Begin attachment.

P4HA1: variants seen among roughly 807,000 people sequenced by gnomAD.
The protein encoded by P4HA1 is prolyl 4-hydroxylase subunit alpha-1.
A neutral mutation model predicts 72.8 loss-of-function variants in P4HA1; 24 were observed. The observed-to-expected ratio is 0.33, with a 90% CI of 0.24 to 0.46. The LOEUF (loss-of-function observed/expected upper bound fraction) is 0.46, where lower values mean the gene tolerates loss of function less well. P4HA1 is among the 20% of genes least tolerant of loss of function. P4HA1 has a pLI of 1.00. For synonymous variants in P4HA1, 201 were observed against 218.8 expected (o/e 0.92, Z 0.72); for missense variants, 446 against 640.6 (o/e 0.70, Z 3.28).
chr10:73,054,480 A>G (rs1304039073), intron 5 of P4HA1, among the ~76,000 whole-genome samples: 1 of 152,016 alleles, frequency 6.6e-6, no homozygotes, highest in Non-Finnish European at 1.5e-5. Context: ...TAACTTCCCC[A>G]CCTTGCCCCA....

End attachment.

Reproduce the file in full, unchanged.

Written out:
P4HA1: variants seen among roughly 807,000 people sequenced by gnomAD.
The protein encoded by P4HA1 is prolyl 4-hydroxylase subunit alpha-1.
A neutral mutation model predicts 72.8 loss-of-function variants in P4HA1; 24 were observed. The observed-to-expected ratio is 0.33, with a 90% CI of 0.24 to 0.46. The LOEUF (loss-of-function observed/expected upper bound fraction) is 0.46, where lower values mean the gene tolerates loss of function less well. P4HA1 is among the 20% of genes least tolerant of loss of function. P4HA1 has a pLI of 1.00. For synonymous variants in P4HA1, 201 were observed against 218.8 expected (o/e 0.92, Z 0.72); for missense variants, 446 against 640.6 (o/e 0.70, Z 3.28).
chr10:73,054,480 A>G (rs1304039073), intron 5 of P4HA1, among the ~76,000 whole-genome samples: 1 of 152,016 alleles, frequency 6.6e-6, no homozygotes, highest in Non-Finnish European at 1.5e-5. Context: ...TAACTTCCCC[A>G]CCTTGCCCCA....